The above four items can be considered as global configuration, and the following logger_xxx, handler_xxx, formatter_xxx is a detailed configuration for the declaration in the global configuration.

With handler_ Take rotatingfilehandler as an example

args=("logs/rotating_logging.log", "a", 1*1024*1024, 5)

First, we use handlers The rotatingfilehandler class performs logical processing.
At the same time, the level of logging is INFO and the format is simpleFormatter.

The order and meaning of args:
filename: file name, indicating where the file appears
when: time, in what time unit
Interval: time interval
backupCount: the number of backups, and the maximum number of logs saved
Encoding: encoding method
Delay: delay writing
utc: standard time.
In the above example, the log is rotated in the logs folder_ logging. Log, the generation method is append, the time interval is 1024*1024s, and the maximum number of files is 5.

5. Example test

First, let's do a simple test

def log_demo():
    from config import logger
    import time

    curtime = time.strftime("%Y%m%d %H:%M:%S", time.localtime())"code begin run at: %s", curtime)
    endtime = time.strftime("%Y%m%d %H:%M:%S", time.localtime())"code end run at: %s", endtime)


After running the above code, the original logs folder is empty, and now the file rotating will be generated_ logging. Log, the file contents are as follows:

2022-01-03 21:05:30 - Application- 4492389824 - INFO : code begin run at: 20220103 21:05:30
2022-01-03 21:05:32 - Application- 4492389824 - INFO : code end run at: 20220103 21:05:32

If we record exception information

def log_demo():
    from config import logger
    import time

    curtime = time.strftime("%Y%m%d %H:%M:%S", time.localtime())"code begin run at: %s", curtime)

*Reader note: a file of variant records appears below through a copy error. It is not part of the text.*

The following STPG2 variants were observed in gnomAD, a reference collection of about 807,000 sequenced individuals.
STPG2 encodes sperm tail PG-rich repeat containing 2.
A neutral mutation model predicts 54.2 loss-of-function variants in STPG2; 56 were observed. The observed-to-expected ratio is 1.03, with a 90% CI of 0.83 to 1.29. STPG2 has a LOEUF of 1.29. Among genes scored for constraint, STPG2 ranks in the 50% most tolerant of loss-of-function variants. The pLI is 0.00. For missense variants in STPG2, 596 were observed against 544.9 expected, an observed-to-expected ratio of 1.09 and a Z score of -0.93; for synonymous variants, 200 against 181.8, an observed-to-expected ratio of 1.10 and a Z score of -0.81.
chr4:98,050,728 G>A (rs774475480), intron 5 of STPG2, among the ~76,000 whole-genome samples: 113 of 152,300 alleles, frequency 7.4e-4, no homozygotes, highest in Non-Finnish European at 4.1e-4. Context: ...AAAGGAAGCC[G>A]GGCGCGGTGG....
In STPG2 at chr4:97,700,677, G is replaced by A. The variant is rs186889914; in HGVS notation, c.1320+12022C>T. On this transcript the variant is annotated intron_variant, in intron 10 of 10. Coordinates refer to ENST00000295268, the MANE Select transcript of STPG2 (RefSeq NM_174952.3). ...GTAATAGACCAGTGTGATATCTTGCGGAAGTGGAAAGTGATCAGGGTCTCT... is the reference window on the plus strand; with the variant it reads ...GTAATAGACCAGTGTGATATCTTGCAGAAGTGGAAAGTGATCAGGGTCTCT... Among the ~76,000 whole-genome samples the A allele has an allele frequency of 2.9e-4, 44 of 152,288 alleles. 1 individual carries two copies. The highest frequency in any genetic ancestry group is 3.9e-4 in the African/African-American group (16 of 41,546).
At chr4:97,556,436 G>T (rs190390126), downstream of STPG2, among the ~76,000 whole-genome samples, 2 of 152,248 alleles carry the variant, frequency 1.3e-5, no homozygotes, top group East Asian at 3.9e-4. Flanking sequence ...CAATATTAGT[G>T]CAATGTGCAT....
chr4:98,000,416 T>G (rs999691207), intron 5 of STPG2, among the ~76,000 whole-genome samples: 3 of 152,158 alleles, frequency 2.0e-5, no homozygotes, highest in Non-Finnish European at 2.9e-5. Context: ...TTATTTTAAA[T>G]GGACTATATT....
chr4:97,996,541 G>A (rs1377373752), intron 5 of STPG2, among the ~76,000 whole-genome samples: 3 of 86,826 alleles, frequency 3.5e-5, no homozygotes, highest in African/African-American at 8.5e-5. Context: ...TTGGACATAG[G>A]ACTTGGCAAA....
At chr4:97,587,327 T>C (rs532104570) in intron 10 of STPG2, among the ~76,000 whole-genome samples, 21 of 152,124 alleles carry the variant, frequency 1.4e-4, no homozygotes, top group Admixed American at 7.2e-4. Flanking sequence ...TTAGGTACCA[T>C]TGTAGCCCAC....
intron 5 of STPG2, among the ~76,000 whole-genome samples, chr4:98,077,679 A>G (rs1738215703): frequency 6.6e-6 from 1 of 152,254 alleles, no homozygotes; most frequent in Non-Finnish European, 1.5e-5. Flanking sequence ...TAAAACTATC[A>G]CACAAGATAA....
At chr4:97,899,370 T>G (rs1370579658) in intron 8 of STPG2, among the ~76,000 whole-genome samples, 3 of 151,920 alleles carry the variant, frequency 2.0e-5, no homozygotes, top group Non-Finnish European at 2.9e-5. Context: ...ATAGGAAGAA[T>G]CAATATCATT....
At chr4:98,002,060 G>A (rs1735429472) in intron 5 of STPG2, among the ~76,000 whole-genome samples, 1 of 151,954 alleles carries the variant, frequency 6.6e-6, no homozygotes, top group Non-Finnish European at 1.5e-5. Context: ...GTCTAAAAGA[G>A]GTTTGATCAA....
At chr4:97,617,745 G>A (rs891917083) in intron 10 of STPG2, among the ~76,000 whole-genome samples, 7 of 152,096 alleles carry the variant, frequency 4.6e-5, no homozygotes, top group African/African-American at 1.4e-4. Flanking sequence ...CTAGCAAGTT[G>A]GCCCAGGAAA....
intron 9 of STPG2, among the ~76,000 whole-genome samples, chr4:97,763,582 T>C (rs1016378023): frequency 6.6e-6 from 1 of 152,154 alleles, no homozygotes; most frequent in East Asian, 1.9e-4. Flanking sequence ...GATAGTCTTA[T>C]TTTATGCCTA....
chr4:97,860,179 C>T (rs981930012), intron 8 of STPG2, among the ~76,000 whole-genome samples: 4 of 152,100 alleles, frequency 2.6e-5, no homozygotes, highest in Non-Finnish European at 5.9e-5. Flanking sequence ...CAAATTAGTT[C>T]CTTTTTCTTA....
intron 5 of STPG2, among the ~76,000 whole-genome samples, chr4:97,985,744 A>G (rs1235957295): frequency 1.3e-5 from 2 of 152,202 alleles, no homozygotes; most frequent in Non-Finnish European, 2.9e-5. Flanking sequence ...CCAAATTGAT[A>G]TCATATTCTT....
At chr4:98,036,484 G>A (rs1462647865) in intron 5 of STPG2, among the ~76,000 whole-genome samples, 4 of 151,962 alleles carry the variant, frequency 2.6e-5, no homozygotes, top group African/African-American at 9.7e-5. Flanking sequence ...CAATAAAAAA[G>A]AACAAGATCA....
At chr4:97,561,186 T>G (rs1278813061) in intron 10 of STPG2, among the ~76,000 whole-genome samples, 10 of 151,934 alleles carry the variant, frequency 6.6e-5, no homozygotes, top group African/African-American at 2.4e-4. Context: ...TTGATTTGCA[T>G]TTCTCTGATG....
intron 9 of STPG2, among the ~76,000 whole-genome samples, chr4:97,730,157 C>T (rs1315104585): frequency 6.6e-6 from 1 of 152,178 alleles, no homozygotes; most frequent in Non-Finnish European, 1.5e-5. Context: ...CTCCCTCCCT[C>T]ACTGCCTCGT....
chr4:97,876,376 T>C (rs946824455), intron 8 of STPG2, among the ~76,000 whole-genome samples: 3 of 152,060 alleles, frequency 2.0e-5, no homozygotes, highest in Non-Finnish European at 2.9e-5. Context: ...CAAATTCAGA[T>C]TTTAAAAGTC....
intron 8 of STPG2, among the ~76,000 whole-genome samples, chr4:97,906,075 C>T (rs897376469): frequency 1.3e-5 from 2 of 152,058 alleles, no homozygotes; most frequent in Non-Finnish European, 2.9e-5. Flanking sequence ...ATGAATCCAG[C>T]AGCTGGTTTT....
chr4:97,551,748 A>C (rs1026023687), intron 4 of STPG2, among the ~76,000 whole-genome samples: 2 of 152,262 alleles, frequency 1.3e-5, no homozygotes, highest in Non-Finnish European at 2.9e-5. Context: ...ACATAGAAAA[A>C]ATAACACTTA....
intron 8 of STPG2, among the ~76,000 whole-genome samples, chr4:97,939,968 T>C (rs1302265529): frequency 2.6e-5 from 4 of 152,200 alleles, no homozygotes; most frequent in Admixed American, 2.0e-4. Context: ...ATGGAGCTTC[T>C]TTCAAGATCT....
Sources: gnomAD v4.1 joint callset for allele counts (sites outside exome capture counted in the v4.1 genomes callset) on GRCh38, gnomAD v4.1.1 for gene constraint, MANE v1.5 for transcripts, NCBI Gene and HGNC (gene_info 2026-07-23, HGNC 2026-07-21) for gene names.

result = 2 / 0
    except ZeroDivisionError as ex:
        logger.error("there is some exception: %s", repr(ex))

    endtime = time.strftime("%Y%m%d %H:%M:%S", time.localtime())"ccode end run at: %s", endtime)


The log is:

2022-01-03 21:13:01 - Application - 4472901056 - INFO : code begin run at: 20220103 21:13:01
2022-01-03 21:13:01 - Application - 4472901056 - ERROR : there is some exception: ZeroDivisionError('division by zero')
2022-01-03 21:13:01 - Application - 4472901056 - INFO : ccode end run at: 20220103 21:13:01

Although the above code has our own output exception log, there is no stack information of error code, and the stack information of error code is very important in daily debugging, operation and maintenance.

To achieve the goal is very simple, just put the logger Error becomes logger Exception, and the log output is:

2022-01-03 21:14:41 - Student - 4573265344 - INFO : code begin run at: 20220103 21:14:41
2022-01-03 21:14:41 - Student - 4573265344 - ERROR : there is some exception: ZeroDivisionError('division by zero')
Traceback (most recent call last):
  File "/xxx/xxx/", line 189, in log_demo
    result = 2 / 0
ZeroDivisionError: division by zero
2022-01-03 21:14:41 - Student - 4573265344 - INFO : ccode end run at: 20220103 21:14:41

Through the above log output, it is easy to locate the error code stack!

Keywords: Python Exception logging Handler

Added by dcuellar on Tue, 04 Jan 2022 14:23:57 +0200